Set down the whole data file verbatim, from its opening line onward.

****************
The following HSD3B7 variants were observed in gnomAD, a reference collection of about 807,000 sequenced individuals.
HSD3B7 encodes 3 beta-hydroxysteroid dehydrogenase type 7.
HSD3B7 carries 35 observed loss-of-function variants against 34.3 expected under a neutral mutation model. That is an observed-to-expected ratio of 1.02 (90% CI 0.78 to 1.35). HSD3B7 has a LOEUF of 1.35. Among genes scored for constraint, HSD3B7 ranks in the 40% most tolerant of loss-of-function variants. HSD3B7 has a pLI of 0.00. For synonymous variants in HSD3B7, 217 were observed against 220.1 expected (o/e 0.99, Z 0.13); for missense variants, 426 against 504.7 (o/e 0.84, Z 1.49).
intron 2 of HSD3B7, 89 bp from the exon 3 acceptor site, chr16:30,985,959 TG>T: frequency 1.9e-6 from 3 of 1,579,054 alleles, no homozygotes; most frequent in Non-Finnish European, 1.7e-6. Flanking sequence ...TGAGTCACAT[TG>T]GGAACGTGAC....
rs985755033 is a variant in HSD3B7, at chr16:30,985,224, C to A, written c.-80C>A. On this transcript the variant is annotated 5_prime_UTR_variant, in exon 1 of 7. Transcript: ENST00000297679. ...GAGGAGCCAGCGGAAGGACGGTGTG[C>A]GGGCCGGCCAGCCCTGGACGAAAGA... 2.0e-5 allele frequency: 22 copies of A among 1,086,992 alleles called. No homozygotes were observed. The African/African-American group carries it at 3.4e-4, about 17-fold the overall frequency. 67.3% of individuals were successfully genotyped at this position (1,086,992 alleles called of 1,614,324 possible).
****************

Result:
The following HSD3B7 variants were observed in gnomAD, a reference collection of about 807,000 sequenced individuals.
HSD3B7 encodes 3 beta-hydroxysteroid dehydrogenase type 7.
HSD3B7 carries 35 observed loss-of-function variants against 34.3 expected under a neutral mutation model. That is an observed-to-expected ratio of 1.02 (90% CI 0.78 to 1.35). HSD3B7 has a LOEUF of 1.35. Among genes scored for constraint, HSD3B7 ranks in the 40% most tolerant of loss-of-function variants. HSD3B7 has a pLI of 0.00. For synonymous variants in HSD3B7, 217 were observed against 220.1 expected (o/e 0.99, Z 0.13); for missense variants, 426 against 504.7 (o/e 0.84, Z 1.49).
intron 2 of HSD3B7, 89 bp from the exon 3 acceptor site, chr16:30,985,959 TG>T: frequency 1.9e-6 from 3 of 1,579,054 alleles, no homozygotes; most frequent in Non-Finnish European, 1.7e-6. Flanking sequence ...TGAGTCACAT[TG>T]GGAACGTGAC....
rs985755033 is a variant in HSD3B7, at chr16:30,985,224, C to A, written c.-80C>A. On this transcript the variant is annotated 5_prime_UTR_variant, in exon 1 of 7. Transcript: ENST00000297679. ...GAGGAGCCAGCGGAAGGACGGTGTG[C>A]GGGCCGGCCAGCCCTGGACGAAAGA... 2.0e-5 allele frequency: 22 copies of A among 1,086,992 alleles called. No homozygotes were observed. The African/African-American group carries it at 3.4e-4, about 17-fold the overall frequency. 67.3% of individuals were successfully genotyped at this position (1,086,992 alleles called of 1,614,324 possible).